For on-the-spot help, I use Ricola. You can chomp a small piece off and it will last for a number of songs.. Honey is a quick-fix...
Thank you sir!  More to chew on.  Will do.
Look up Paul Baloche vocals on YouTube. He has a lot of good advice for warming up etc.
I found a voice coach "online" that sends you updates.  You can either pay for help or use the free updates.  I haven't been able to afford the course yet as I am unemployed, but the free info has really helped me quite a bit.  Here's a sample, hope it helps...
Good stuff.  And I see by the list, and thinking about it, there are quite a few subjects that are teachable,or at least approachable, via video.  I myself have more than a passing concern about vocal health, being a veteran of a recent polyp removal (and, using good warmup practices and more sense than before, have a "new" voice, smooth and with more power and almost the range as previously -- not through a teacher but through gleaning advice from my wife, observing other voices, reading and listening).

If your church has a choir (separate traditional service), try singing with them for a while... or find a church near you with a worship band that would let you sit in and just sing with them, not have to worry about all the other leader stuff that goes on, just work on your own voice.  A church that meets at a different time than yours, or one that would let you come to rehearsals on a night when you're free and just work on your singing.


Also, not knowing exactly what your singing problems are, do you know what your own good vocal range is and how to figure out what key to put a song in so it works for your voice?  A lot of published worship music is not singable by normal humans without being transposed down a few steps :-)


Hi Sue,


I am a vocal coach and work with choirs, praise teams and soloist where requested. I am based in the UK and i am a memebr of the British Voice Association. I have trained with some of the best coaches in the UK and about to embark on a Estill teachers course.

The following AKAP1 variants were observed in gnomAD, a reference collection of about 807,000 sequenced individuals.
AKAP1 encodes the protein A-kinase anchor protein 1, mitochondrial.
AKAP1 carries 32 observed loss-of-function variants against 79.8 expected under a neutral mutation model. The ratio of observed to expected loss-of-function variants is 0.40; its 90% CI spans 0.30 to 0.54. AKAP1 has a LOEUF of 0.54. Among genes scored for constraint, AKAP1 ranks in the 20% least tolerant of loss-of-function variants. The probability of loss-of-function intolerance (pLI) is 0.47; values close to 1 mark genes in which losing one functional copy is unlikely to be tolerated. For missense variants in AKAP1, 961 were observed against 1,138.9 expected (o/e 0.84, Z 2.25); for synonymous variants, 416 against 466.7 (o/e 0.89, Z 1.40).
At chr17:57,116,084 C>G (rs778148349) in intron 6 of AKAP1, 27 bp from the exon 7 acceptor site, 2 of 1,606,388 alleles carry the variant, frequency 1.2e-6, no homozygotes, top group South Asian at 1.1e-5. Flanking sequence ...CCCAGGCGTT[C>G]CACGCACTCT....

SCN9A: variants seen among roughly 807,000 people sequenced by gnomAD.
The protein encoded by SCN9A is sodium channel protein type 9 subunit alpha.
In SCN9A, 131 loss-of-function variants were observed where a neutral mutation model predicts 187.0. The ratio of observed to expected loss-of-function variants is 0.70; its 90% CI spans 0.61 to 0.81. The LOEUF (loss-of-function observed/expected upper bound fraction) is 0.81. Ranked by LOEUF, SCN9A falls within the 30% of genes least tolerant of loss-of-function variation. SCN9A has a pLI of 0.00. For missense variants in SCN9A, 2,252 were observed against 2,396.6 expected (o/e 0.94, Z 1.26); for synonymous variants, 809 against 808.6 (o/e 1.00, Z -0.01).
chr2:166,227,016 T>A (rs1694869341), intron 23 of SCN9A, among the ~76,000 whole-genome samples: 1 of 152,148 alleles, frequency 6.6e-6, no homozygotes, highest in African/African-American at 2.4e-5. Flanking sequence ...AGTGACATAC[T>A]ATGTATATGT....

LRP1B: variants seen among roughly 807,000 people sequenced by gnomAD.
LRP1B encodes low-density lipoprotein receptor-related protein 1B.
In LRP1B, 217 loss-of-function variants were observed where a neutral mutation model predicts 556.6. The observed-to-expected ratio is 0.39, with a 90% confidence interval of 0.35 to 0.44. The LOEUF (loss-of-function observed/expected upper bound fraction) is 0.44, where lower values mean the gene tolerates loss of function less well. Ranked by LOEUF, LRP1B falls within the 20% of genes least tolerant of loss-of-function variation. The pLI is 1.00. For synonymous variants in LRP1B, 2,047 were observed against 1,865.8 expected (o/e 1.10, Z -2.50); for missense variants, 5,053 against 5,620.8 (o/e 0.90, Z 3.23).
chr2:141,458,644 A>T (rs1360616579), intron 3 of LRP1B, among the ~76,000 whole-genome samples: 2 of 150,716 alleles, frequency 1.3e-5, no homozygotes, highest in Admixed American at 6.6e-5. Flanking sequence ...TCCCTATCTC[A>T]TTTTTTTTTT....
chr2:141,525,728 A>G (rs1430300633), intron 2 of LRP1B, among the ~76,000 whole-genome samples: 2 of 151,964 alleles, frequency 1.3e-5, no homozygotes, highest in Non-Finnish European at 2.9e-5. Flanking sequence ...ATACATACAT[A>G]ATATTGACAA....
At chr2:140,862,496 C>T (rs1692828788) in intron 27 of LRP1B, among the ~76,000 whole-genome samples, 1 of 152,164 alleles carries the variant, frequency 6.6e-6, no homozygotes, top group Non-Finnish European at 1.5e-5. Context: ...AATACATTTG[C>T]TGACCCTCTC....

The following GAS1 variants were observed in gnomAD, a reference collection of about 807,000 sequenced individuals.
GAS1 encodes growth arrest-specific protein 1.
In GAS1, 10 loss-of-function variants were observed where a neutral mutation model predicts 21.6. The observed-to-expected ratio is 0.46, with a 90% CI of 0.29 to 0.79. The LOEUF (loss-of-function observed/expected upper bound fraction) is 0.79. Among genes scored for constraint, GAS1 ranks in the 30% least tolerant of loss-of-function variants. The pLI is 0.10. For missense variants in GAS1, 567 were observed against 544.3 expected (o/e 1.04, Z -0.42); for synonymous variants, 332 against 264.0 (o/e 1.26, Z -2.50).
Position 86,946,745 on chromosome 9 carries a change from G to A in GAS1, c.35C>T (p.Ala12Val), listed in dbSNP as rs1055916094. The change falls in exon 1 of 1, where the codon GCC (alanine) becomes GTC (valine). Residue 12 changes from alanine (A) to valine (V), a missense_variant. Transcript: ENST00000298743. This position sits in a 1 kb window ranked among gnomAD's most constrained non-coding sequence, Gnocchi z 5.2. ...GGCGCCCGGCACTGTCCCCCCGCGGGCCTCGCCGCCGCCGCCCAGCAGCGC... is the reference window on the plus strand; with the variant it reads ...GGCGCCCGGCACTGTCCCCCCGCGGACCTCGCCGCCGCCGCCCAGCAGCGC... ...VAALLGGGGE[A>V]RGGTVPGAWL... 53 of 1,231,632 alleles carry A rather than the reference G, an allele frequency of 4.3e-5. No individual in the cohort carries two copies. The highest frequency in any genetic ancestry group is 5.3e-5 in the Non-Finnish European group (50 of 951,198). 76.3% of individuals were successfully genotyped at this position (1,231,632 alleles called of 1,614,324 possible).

Where exactly are you having problems when singing. For example is it your breathing or are you getting a sore throat etc. 

Rather than give your general statements, i could help you better  by understanding what you are physically experiencing.  :-) 


Let me know. I can help (and if i can't i know others who can!)



Gospel High notes   - New Vocal Training Blog for Contemporary Gospel Singers


There are a few things that I've done to improve my voice that have had some success.  First, find a good spot to practice.  Sounds pretty obvious, but think about acoustics; I mean, if the room doesn't respond like I want it doesn't matter what I try I feel like I sound like trash.  Also, a structured, challenging, and fun practice routine can be invaluable.  Lastly, I suggest using a tuner (any chromatic tuner will do...I downloaded an app on my phone).  I like to sing intervals and try to nail the pitch spot on without any scoops or glisses.  Very practical if pitch is an issue at all.

So, just realize that this thread has been dormant for five years...Here's my two cents any way! :-)

Pitch is so important.  Though the human voice can produce any pitch, so theoretically you could use in-between tones, the customs of style dictate that we use a scale, with various inflections, slides and turns, but always returning to the scale for the bulk of the tones we produce.  And when we do, those should be right on the money (if not, the music will feel like it's drifting away from somewhere; or just plain sour). 

Aside, from pitch, I've been hearing a lot of tight, tense production over the radio these days.  Either super-sweet and breathy beyond reality, or so tight and tongue-heavy the singer sings "you" but it comes out sounding like "chew."  What can we do to raise the bar?